Sat 23 Feb 2013
The festive entry today in the blog dedicated to the festival of Purim deals with Queen Esther – one of the beloved characters of the story of Purim and history of Jews. Uncounted Jewish little girls chose her as the character that they mask in for the festival. This may be a rather new tradition however, bu the image of the beautiful and dedicated woman fascinated illustrators of the Bible many centuries back. I browsed the Net for information and reflections of the Biblical character of Queen Esther in art, and first of all in painting. Here are a few findings, I hope that you will find them beautiful and interesting.
Ancient illuminated manuscripts are among the first to provide representation of the Queen Esther image and exploits. Here is a splendid old Jewish manuscript, one of the oldest and finest in the British Museum collection, from The North French Hebrew Miscellany, 1272-98, representing King Ahashverosh holding out his scepter to Queen Esther.
Another beautiful example of illuminated art representing the Purim story is the Megillat Esther, a scroll with the biblical story of Queen Esther, read during the Purim festival, created by the Jews of Ascona (now in Italy) in 1784, which can be found nowadays in the library of the Jewish Theological Seminary in New York.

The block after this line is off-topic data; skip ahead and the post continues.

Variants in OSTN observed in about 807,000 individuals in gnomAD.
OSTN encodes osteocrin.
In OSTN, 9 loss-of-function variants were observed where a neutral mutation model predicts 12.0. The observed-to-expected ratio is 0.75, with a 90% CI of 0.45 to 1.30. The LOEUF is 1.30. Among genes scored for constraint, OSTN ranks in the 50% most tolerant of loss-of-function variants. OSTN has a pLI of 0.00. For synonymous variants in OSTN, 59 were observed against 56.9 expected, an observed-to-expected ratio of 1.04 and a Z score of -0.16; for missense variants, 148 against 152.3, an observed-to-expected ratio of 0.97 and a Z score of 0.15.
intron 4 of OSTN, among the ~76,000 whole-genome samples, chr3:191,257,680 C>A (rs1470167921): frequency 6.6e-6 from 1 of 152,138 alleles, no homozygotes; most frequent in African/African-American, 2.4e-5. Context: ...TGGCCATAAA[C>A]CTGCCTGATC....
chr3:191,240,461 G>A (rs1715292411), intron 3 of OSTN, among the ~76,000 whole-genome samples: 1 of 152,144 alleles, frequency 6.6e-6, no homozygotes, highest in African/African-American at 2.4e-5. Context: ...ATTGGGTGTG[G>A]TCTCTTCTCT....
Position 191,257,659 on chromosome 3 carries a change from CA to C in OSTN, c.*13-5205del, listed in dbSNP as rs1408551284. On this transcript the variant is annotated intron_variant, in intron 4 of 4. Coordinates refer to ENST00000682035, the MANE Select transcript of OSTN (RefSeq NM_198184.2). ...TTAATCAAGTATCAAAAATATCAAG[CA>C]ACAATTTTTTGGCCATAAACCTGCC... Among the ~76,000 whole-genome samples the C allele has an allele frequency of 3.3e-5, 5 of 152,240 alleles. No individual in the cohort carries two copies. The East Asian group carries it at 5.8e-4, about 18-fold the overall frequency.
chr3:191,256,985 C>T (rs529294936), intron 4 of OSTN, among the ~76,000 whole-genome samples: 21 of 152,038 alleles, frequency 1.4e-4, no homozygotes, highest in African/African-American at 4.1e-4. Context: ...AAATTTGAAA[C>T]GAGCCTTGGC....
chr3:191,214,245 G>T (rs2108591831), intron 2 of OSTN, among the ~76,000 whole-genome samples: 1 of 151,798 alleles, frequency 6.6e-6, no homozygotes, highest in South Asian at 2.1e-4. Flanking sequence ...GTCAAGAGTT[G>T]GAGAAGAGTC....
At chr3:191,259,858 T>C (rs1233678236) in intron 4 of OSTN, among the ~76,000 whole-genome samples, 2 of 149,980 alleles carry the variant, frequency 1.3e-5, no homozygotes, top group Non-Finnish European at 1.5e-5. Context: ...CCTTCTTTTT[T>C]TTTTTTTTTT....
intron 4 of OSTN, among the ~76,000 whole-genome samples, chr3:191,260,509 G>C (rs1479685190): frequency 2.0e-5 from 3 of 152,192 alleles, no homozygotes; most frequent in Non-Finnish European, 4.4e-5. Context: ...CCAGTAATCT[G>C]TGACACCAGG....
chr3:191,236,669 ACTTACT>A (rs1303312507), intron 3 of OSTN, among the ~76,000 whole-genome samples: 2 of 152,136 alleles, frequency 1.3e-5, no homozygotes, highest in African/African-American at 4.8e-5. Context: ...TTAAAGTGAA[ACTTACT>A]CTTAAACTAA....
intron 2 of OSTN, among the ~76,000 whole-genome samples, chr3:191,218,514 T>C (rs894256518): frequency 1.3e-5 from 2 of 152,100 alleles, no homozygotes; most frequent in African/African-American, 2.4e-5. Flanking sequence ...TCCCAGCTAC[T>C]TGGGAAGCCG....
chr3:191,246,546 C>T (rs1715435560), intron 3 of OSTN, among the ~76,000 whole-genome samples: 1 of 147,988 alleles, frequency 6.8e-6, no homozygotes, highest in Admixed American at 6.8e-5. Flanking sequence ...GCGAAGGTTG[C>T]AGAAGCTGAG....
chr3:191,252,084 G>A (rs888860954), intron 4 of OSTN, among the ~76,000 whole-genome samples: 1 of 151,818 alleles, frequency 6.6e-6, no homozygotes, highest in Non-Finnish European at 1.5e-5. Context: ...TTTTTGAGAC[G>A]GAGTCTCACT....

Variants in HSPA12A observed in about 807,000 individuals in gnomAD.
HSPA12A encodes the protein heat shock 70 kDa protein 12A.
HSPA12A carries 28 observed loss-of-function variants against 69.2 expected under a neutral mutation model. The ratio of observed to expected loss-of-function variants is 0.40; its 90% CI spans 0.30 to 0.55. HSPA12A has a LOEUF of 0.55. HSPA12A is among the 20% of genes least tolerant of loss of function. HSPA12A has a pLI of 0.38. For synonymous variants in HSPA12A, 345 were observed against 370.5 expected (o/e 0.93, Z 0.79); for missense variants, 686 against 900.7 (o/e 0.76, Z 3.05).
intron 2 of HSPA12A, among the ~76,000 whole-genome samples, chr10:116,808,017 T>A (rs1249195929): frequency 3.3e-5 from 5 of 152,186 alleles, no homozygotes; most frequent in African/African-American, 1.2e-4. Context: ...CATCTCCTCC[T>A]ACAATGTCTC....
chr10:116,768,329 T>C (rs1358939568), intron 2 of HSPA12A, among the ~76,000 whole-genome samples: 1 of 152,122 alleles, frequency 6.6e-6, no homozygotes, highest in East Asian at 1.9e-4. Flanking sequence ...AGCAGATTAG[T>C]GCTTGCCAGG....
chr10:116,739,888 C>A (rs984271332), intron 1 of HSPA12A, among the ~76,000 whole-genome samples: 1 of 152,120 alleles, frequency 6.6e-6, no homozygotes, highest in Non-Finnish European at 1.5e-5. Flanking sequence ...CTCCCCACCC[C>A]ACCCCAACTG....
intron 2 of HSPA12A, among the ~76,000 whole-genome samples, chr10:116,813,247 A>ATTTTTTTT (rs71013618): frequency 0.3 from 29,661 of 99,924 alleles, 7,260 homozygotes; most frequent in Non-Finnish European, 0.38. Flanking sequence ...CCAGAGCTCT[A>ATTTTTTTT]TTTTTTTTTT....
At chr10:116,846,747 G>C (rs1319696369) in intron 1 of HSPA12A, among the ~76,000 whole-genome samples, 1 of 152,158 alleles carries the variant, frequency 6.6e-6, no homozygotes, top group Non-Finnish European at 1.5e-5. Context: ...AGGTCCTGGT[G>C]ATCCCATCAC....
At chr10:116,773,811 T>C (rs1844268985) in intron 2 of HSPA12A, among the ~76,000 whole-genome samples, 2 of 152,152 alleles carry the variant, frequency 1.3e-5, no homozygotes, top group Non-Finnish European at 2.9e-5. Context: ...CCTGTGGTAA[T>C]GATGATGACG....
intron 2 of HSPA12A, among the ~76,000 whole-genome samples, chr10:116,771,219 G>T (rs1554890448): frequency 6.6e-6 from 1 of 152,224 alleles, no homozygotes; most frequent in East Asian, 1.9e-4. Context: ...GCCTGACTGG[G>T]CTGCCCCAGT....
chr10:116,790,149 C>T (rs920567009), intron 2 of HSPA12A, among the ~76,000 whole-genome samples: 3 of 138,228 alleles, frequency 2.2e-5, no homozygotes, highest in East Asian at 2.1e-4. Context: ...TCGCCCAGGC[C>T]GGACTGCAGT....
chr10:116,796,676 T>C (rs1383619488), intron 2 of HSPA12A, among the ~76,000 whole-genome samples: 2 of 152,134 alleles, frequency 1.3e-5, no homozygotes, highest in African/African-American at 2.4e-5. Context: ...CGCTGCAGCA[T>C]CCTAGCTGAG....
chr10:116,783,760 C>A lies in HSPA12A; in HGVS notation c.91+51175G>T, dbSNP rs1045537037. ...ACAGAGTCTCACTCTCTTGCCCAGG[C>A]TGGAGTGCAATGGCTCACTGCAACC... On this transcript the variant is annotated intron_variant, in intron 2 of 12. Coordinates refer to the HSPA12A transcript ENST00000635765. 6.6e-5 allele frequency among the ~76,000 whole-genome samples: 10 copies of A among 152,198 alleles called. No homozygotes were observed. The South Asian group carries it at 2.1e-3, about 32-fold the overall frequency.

The Metropolitan Museum in New York contains in its collections a beautiful study by Claude Lorrain from the beginning of the 17th century representing Queen Esther approaching the palace of the King of Persia. The vast staging allows for an elegant and complex landscape in Baroque style.
Rembrandt’s Haman Begging Esther for Mercy painted in 1655 is one of the power pieces of the collection of the National Art Museum in Bucharest. It is dark in coloring (as many of the masterpieces of Rembrandt) and powerful in the composition which emphasizes the relations between the three characters of the Purim story.
Another version painted by Rembrandt of the Purim heroes can be found in the Pushkin Museum in Moscow. It is called Ahasuerus and Haman at the Feast of Esther and is dated 1660.
This intense version of the portrait of the Queen is called Esther haram, is dated 1878 and belongs to a painter from the Victorian period named Edwin Long who painted many historical and Biblical stories giving them an Orientalist and erotic touch.
Contemporary mosaic artist Lilian Broca is well known for several series inspired by feminine Biblical characters among which the one dedicated to Queen Esther is probably the best known. Her technique adapts some of the Byzantine mosaic techniques and materials, and the results are spectacular.
Chag Purim Sameakh! A Happy Purim!